Drama defies the ‘hot trend’ in Lille
It’s to be expected by now, but looking at the slate of shows screened last week at Lille’s Series Mania scripted TV festival, one can’t help to be struck by the diversity of what was on offer. In the Official Competition category, the offering ranged from Iraq-set post war thriller Baghdad Central, to domestic comedy drama caper Mytho, to Uma Thurman-starring mystery drama Chambers, and gothic Australian epic Lambs of God.
As we’ve reiterated here at K7, there’s a danger in too avidly pursuing that illusive ‘hot trend’. This is especially true in drama, where skilled storytellers’ visions tend to be unique – rather than bunching together into easily-identifiable silos. Filling voids and looking at gaps in the market and stories which haven’t been told yet is probably more sensible than chasing trends, especially when taking into consideration the sheer abundance of quality drama out there in 2019. Among the most well-received screenings were for bold, creator-driven fare like Shane Meadow’s exploration of childhood trauma The Virtues, and Lucy Kirkwood’s scathing alternate history thriller Chimerica .
The ‘trends’ we did see in Lille mostly amounted to responses to the modern day’s big zeitgeist issues – refugees (Eden, Asylum City), climate change (La Dernière Vague, 8 Days), and dystopias offering parallels to the current political and technological upheaval of the world (Osmosis, Chambers). Crime still featured heavily – but often with an inventive twist as noir continues to evolve.
New sources cement themselves
If it wasn’t obvious by the Festival staff donning the show’s now iconic red jumpsuits and masks, Alex Peña’s Money Heist has caused a huge splash in drama, and as the most watched non-English-language series on Netflix, helped define Spain as one of the hottest sources of international scripted TV. There was, in the appropriately named ‘Spain in Bloom’ session, a real sense of exuberance and even bigger things to come. What was shown off ranged from Peña’s addictive new infidelity drama The Pier for Antena 3 and Netflix’s historical epic The Cathedral of the Sea. Meanwhile in the International panorama slate of the festival – Canary Island set ‘southern isle noir’ Hierro also impressed. Pointing to a wealth of strong local players, sizeable private investment, and the number of Spanish speakers worldwide clocking in at close to 500m, the panel’s Jorge Iglesias (Weekend Studios) predicted the Iberian nation will ultimately eclipse France and then Germany as a European source for drama.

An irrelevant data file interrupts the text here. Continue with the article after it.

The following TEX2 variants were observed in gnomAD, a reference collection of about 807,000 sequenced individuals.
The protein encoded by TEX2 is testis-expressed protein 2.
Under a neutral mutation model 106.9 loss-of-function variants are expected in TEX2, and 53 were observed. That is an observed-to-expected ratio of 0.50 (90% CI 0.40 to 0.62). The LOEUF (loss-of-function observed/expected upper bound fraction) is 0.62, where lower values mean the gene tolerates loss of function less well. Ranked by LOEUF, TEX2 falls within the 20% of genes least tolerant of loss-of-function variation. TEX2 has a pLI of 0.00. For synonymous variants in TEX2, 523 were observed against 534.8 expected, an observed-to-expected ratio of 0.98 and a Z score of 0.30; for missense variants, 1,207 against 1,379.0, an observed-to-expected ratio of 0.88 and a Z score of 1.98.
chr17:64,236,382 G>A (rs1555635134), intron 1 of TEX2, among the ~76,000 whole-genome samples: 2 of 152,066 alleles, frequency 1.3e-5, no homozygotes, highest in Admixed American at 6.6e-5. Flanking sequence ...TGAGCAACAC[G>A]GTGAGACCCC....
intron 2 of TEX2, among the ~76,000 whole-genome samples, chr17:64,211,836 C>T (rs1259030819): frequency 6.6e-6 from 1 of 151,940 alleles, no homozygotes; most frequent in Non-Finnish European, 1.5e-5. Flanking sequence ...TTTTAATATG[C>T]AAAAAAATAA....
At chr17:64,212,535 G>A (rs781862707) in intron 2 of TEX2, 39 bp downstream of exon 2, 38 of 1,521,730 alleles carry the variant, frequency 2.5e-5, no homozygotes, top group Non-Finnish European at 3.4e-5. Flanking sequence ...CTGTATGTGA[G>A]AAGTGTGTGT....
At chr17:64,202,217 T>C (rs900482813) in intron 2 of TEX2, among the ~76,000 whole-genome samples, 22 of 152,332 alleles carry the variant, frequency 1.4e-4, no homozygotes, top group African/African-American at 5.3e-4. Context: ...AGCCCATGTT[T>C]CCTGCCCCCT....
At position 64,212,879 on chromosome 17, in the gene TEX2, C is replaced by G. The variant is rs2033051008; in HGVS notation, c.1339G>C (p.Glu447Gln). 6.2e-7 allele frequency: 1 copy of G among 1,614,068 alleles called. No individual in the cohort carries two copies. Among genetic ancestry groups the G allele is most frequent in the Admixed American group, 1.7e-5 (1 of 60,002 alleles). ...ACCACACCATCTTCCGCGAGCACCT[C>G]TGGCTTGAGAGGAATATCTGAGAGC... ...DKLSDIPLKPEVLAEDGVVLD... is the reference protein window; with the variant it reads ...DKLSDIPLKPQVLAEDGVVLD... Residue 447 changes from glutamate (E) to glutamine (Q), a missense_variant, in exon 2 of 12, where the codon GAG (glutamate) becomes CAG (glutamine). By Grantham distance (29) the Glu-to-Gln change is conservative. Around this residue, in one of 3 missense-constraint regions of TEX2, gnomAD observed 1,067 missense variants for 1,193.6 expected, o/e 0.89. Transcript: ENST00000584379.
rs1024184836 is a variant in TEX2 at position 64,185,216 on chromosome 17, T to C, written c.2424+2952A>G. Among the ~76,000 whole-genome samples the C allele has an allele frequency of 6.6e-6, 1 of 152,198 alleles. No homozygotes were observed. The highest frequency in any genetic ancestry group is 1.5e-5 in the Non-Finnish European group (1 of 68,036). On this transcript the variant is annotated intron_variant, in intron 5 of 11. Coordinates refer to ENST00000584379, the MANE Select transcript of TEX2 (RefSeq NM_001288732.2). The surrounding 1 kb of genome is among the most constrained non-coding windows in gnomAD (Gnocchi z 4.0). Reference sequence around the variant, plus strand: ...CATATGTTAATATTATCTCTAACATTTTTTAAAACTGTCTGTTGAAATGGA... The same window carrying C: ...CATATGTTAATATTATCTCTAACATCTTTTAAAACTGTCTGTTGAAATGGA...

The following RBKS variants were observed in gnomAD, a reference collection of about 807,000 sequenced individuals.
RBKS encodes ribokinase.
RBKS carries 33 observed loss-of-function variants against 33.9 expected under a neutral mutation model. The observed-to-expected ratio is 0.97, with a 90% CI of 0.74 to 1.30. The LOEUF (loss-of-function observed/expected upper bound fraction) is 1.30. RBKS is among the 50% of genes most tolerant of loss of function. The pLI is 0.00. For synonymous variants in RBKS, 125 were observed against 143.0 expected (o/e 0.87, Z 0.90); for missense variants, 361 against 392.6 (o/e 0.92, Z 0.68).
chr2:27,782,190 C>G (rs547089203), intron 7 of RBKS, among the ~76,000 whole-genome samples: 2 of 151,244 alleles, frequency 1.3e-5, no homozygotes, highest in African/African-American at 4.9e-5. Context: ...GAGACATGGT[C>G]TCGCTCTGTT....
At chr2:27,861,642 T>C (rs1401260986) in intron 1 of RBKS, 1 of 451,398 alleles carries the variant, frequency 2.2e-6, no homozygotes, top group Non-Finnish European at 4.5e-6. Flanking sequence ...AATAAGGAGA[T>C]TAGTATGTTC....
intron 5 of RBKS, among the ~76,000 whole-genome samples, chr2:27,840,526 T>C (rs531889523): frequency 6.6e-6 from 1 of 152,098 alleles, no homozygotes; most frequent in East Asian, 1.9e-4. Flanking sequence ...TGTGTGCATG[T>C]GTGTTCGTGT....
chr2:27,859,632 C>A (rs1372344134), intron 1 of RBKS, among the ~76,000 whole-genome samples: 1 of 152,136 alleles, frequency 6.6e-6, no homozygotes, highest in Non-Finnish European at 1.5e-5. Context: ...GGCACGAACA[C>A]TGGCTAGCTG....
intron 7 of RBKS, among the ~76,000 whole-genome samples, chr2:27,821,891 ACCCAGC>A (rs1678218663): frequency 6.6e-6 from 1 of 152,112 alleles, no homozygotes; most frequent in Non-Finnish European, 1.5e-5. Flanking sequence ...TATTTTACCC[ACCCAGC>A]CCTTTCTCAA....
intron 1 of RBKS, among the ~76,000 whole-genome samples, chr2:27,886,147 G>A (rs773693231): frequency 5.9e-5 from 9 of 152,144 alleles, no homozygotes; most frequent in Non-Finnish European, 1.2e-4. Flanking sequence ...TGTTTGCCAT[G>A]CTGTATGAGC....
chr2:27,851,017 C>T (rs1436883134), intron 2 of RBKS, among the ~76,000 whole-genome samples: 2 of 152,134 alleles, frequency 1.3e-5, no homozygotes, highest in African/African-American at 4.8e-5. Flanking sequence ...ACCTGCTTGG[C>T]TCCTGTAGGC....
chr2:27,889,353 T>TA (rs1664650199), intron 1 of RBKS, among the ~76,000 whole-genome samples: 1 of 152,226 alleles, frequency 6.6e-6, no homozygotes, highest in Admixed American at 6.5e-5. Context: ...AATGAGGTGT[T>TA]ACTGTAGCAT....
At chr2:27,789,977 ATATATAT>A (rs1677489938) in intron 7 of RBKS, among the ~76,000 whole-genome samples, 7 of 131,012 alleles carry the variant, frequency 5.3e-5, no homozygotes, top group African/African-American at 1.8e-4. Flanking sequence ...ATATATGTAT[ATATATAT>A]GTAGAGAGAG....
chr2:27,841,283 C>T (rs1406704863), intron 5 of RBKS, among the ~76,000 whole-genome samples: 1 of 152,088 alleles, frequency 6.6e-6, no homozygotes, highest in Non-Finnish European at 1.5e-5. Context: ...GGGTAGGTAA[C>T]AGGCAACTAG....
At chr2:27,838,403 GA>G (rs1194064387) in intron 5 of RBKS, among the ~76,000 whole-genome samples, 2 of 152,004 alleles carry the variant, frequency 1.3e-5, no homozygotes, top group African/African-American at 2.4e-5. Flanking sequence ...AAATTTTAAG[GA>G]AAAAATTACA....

Following our predictions about Central and Eastern European drama having a hot year, shows like Russian crime drama Blackout and HBO Adria’s Success also impressed at the festival. Meanwhile, news also came at the event that Ukraine’s 1+1 had boarded the very first drama co-pro between three Eastern European nations – joining Canal+ Poland and pubcaster Czech TV on cross-border murder case drama The Pleasure Principle.
Netflix and Amazon talk disruption
Netflix continued to offer an olive branch to the TV world, attempting to shake off the disruptor tag: “[disruptor] gets hung on my head a lot, but I feel like it’s more ‘burning things down and seeing what happens’ and that’s not really what we are up to. I feel like what we are trying to do is preserve and improve on the formats, and improve and grow storytelling”, said Ted Sarandos, chief content officer, in what was predictably one of the busier sessions.
In big local news for France, pubcaster TF1 and Netflix unveiled their landmark first co-production, costume drama Bazar de la Charité. As worries about how local broadcasters can compete with the streamers continue, this seemed a positive move in terms of a fairer deal for co-financiers.
Later the same day Amazon Studios’ Georgia Brown, head of European Prime Original Series, said she didn’t see a problem with being a disruptor – pointing to the positive ‘disruption’ of movements like #MeToo. She feels doing away with the old ways of doing things shouldn’t be so taboo. Brown also said her team weren’t prioritising cross-border co-production – instead focusing on ‘protecting’ local flavour and ‘promoting’ local storytelling.
‘Alliances’ continue in co-production
Elsewhere, as part of their purported joint offensive against Netflix, Amazon and co, ‘The Alliance’ of France Televisions, Germany’s ZDF and Italy’s Rai continued to embrace collaboration, unveiling a fourth joint title – a new adaptation of Around the World in 80 Days. There was plenty of discussion of how co-pros could retain authenticity by prioritising stories which are intrinsically international – FIFA scandal drama El Presidente, and the aforementioned refugee drama Eden for example. Meanwhile, it was announced that lauded Indian director Shekhar Kapur would helm an opium trade period drama based on the ‘Ibis trilogy’ books, a co-production between Endemol Shine Group’s Artists Studio, Endemol Shine India and DoveTale Media.
Minority story wins day at pitching contest
One of the most entertaining aspects of Series Mania is always the pitching sessions. An exciting, if hugely nerve-racking process for those pitching – shows given the elevator treatment at the festival before making it to screen in the past include ITV/Sundance’s Liar, SVT’s Jordskott and S4C/BBC Wales’ Keeping Faith.
This time factually-inspired lesbian drama Purple walked away with €50,000 towards development. Beating off 15 other series, the show certainly adhered to the streak of totally unique, highly-authored dramas which ran through the festival. Inspired by real life women-only nightclub Le Pulp, the bold and energetic 1990s Paris-set pitch was a popular choice.